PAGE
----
This bull market in U.S. stocks is now the longest, and by many measures the most hated in history. After almost quintupling since the global financial crisis of 2008, I look back and see an incredible rally that has never been totally convincing. Behind the bull market lurk apparent culprits such as “corporate buybacks,” “easy central banks,” “tax cuts,” “lax regulation,” “systematic strategies,” “passive investors,” “ETFs,” “king dollar,” and of course the more favorable “earnings revisions.” So let us not pass judgment on this bull. As a friend recently said: “Don’t do good or bad, do bullish or bearish.”
Defying all odds, a simple strategy has worked so far in this bull market: “buy the dip and hold.” Even after February’s 10% correction, the S&P 500 is up more than 9% this year. Other global markets have not done so well: emerging markets, have sunk close to 20% with no end in sight. Buying the dip there has obviously not been a good strategy for copycats in other markets. Frustrated money, like water, flows quickly through the biggest pipe to the biggest receptacle, and the one leading back to the U.S. from the rest of the world is the largest one out there.
The best strategy in hindsight has been to ride the U.S. stock market bull without being thrown off, while for emerging markets the secret has been to get off the bull early and stay off. Will this ride continue with U.S. equities at record highs? Does it make sense now to pivot and mount the emerging market bull?
The first rule, professional bull riders tell me, is to know the bull and be prepared for anything. To stay on the bull one has to get real familiar with the beast: “Before you get on the bull you need to know how to read that bull. Does it pull to the left, pull to the right, or pull straight up or down”?
In rodeo bull riding, the rules call for the rider to stay on the bucking, spinning, kicking bull for a total of eight of the “most dangerous seconds in sports.” The bull gets scored for the difficulty it offers, and the rider gets scored for staying on the bull.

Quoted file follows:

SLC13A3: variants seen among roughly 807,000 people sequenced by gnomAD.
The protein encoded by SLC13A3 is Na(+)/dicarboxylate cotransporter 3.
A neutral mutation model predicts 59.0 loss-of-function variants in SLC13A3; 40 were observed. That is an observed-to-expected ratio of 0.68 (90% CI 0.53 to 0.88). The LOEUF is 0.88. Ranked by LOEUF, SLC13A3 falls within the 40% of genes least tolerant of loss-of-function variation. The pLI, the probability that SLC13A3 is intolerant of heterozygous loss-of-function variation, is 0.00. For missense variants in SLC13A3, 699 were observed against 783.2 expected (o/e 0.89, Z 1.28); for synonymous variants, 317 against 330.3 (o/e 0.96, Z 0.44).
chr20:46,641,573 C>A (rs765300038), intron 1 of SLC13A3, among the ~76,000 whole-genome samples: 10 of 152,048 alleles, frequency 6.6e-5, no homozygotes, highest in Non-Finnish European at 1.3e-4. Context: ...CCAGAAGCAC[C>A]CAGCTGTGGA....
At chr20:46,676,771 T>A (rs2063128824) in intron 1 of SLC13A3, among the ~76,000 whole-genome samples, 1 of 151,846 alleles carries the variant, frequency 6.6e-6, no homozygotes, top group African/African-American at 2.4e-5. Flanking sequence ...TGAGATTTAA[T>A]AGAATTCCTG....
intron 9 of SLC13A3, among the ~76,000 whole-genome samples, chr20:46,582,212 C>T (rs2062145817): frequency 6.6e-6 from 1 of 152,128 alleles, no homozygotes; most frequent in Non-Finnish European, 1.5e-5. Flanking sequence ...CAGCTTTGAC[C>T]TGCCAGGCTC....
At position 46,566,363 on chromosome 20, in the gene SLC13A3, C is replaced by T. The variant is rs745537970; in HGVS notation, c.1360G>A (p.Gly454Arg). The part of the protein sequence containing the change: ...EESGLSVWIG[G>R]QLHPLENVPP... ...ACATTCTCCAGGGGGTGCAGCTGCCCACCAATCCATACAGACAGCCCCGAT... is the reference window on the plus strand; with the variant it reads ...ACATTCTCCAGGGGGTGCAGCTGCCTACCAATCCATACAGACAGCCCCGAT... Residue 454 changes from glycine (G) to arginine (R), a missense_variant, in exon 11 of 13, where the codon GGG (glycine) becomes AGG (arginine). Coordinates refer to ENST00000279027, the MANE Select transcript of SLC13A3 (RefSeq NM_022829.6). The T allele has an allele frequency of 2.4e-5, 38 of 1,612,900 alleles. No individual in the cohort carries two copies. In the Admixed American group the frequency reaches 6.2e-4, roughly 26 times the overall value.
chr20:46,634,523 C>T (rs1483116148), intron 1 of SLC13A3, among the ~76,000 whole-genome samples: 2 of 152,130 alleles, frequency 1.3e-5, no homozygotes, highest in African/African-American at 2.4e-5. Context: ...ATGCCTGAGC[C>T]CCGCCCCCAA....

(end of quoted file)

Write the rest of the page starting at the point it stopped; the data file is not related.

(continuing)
Everyone likes a good game, and certainly the U.S. stock market bull gets a perfect score for giving us a great show so far, climbing worry after worry : Brexit, Elections, Tariffs, Sanctions, North Korea… For us riders there is still time to learn. Here are some general principles:
Fade the noise: This bull, it rallies hard on bad news, but as soon as the sentiment and news gets too good, it sells off to take the hot money off the market. Pundits have loved to call both tops and bottoms in this market, and everyone has become a market technician (alas, a favorite fundamental analyst recently sent me a piece that forecasts markets based on Japanese Ichimoku clouds!). By listening to the noise, it has been easy to miss the secular rally by getting in and out of the market frequently, which as we all know only creates churn and transactions costs. Many struggle to admit that they have fallen victim to this themselves when running different portfolios, including levered ones. Passive rightly has trounced active this time around.
Have a long horizon and hang on: In this bull market, the approach that has worked is to stay calm and hang on, which requires taking exactly the right amount of risk (discussed below). Taking the right amount of risk is a very hard job, especially when barraged by news all day and night. It is just human tendency to focus on the most recent news and react to it. Combine this with the disposition effect, i.e. the tendency to sell winners too early and ride losers too long and you have buy and hold beating active trading most of the time.